Yankees' Girardi agrues with home plate umpire Brian O'Nara in the second inning of their MLB American League baseball game against the Red Sox in Boston

Joe Girardi on Ryan Dempster: ‘I wish he had to hit’


Joe Girardi had about four hours to think about what he was going to say after getting tossed in the second inning on Sunday’s Yankees-Red Sox game. His response to Ryan Dempster seemingly intentionally throwing at and hitting Alex Rodriguez: “I wish he had to hit. That’s what I wish.”

So, basically, Girardi is saying that if Dempster had come to the plate, CC Sabathia would have drilled him in retaliation. At least, that’s what I’m gathering here. This despite the fact that:

A) Dempster is a terrible hitter and it’d be a stupid idea to take a sure out off the board and give the Red Sox a free baserunner with the Yankees needing to capitalize on every possible opportunity if they hope to make the playoffs

B) Sabathia would have been ejected immediately for throwing at Dempster and probably would have gotten a suspension on top of it

C) Sabathia and the Yankees pen had all night to retaliate against any one of nine Boston hitters they so chose, yet didn’t take it

We do hear this kind of thing once in a while, more so in years past when Pedro Martinez and Roger Clemens were accused of headhunting. They’d never do that if they had to hit, right? But, of course, pitchers do hit in the National League, and it’s very rare to see them get thrown at. Did the Nationals target Braves pitchers when they were ticked off about Bryce Harper getting hit over the weekend? No, they drilled Justin Upton. NL pitchers have been hit by pitches 12 times all year, once every 323 plate appearances. The rest of the league gets hit once every 105 plate appearances.

Clayton Kershaw, Jacob deGrom create MLB first with 11 strikeouts each in the playoffs

Jacob deGrom
AP Photo/Alex Brandon
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For the first time in major league history, both pitchers in a playoff game have struck out at least 11 batters, per MLB.com’s Paul Casella. Mets starter Jacob deGrom has pitched just a hair better than Dodgers starter Clayton Kershaw overall. deGrom has blanked the Dodgers on five hits and a walk. Kershaw made one mistake, resulting in a solo home run to Daniel Murphy in the fourth inning. He’s allowed four hits and two walks total.

The last time opposing starters each struck out 10 in a post-season game was back in 1944 in Game 5 of the World Series when Mort Cooper of the St. Louis Cardinals struck out 12 and Denny Galehouse of the St. Louis Browns struck out 10.

Michael Cuddyer not shining in left field early in NLDS Game 1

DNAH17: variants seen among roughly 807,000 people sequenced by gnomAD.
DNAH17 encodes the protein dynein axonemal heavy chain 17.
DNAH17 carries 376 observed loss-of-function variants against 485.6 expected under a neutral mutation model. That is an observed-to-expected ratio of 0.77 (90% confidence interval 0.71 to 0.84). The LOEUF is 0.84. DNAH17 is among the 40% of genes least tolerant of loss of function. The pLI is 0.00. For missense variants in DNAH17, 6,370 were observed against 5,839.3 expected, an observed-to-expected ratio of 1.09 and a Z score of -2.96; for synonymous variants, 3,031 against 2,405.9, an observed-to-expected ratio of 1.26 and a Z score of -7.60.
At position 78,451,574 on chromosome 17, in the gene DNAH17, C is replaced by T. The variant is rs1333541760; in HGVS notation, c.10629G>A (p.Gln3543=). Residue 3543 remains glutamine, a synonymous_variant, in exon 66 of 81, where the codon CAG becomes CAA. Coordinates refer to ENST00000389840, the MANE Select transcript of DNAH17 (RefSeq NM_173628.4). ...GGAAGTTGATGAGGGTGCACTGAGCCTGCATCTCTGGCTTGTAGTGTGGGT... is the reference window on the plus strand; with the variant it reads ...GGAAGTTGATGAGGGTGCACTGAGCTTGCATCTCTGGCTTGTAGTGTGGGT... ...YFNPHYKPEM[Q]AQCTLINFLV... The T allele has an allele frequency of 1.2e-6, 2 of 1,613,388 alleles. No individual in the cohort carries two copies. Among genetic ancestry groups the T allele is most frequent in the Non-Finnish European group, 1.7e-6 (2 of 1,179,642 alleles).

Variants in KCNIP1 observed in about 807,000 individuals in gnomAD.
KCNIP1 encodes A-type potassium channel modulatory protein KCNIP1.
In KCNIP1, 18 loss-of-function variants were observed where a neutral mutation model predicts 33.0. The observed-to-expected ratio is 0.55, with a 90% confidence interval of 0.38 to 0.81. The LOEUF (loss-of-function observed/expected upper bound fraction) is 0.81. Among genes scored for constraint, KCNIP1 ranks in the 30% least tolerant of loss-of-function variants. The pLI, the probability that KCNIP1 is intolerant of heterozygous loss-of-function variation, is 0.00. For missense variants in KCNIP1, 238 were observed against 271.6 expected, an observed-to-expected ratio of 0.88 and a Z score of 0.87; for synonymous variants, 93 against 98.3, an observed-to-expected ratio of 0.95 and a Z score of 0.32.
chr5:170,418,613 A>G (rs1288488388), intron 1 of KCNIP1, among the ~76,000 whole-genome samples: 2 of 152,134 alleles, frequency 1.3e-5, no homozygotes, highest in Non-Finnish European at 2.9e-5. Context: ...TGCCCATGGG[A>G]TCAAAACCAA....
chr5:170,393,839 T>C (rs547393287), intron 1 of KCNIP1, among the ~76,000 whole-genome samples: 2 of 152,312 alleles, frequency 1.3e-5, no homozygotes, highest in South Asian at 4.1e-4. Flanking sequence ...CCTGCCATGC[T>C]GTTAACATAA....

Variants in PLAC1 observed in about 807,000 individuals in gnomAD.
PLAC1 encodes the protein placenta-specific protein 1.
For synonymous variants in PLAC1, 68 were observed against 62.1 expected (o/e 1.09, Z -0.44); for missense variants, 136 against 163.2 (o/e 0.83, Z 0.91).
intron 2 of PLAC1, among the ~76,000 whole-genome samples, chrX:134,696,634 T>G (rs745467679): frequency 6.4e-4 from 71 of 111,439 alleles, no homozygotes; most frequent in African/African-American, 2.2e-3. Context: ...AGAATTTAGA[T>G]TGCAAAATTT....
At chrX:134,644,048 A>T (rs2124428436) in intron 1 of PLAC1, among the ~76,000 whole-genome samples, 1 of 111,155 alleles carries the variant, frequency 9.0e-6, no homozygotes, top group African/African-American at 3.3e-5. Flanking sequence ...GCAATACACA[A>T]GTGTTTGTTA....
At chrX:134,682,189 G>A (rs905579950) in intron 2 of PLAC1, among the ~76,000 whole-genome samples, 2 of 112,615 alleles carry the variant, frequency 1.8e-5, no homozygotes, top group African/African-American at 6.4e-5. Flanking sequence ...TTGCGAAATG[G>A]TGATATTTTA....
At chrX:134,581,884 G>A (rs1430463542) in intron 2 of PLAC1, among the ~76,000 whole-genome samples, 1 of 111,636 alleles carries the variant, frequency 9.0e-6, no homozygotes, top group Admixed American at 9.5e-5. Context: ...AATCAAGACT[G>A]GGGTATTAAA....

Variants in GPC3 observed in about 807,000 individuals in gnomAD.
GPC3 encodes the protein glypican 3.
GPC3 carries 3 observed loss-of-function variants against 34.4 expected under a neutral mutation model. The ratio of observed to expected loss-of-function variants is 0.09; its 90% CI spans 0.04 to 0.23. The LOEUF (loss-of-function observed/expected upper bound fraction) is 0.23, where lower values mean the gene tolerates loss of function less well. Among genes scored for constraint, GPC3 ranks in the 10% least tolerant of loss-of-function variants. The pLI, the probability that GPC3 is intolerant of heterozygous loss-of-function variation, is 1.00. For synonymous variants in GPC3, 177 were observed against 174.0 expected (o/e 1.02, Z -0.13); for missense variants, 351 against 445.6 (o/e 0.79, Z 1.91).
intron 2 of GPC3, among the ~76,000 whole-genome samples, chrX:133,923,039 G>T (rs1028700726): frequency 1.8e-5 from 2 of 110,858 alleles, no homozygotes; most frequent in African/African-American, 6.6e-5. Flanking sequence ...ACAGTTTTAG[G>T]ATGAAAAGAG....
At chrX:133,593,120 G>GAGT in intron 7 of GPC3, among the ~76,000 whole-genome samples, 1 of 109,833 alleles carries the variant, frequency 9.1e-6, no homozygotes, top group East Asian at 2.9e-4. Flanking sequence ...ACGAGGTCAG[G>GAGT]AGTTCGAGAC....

Michael Cuddyer
AP Photo/Kathy Kmonicek

Mets outfielder Michael Cuddyer has already made a pair of mistakes in left field and he’s only four innings into the first game of the best-of-five NLDS against the Dodgers.

Leading off the second inning, Justin Turner sent a well-struck liner to Cuddyer which was quite catchable, but the ball clanked off of the veteran’s glove. Turner was credited with a double. Mets starter Jacob deGrom was able to work around the misplay, striking out Andre Ethier, A.J. Ellis, and Clayton Kershaw to close out the frame.

With two outs in the third inning, Corey Seager sent a fly ball down the left field line. Cuddyer took an inefficient route and the ball bounced about a foot inside the foul line, then into the stands, giving Seager a ground-rule double. To add insult to injury, Cuddyer ended up tumbling over the fence. deGrom, again, worked around Cuddyer’s mistake, striking out Adrian Gonzalez to end the inning.

Because he bats right-handed, Cuddyer got the start in left field over the left-handed-hitting rookie Michael Conforto against Kershaw, a southpaw. Conforto mustered only a .481 OPS against lefties this season compared to Cuddyer’s .698. Despite the batting disparity, one wonders how short a leash manager Terry Collins has on Cuddyer given his defense.

Mets take lead during NLDS Game 1 with Daniel Murphy’s solo homer

Daniel Murphy
AP Photo/Kathy Kmonicek
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Mets second baseman Daniel Murphy broke a scoreless tie in the fourth inning, belting a solo home run to right field at Dodger Stadium off of starter Clayton Kershaw. Kershaw threw a 2-0, 94 MPH fastball and Murphy didn’t miss it.

Both teams’ starters are pitching quite well overall. Kershaw has allowed the one run on three hits and a walk with six strikeouts. Jacob deGrom started off the game with six consecutive strikeouts and has struck out seven total while blanking the Dodgers on three hits and a walk in three innings.

Kershaw doesn’t have the most impressive post-season track record, owning a career 5.12 ERA across eight starts and three relief appearances spanning 51 innings. Aside from the homer, the lefty appears to be putting that notion aside.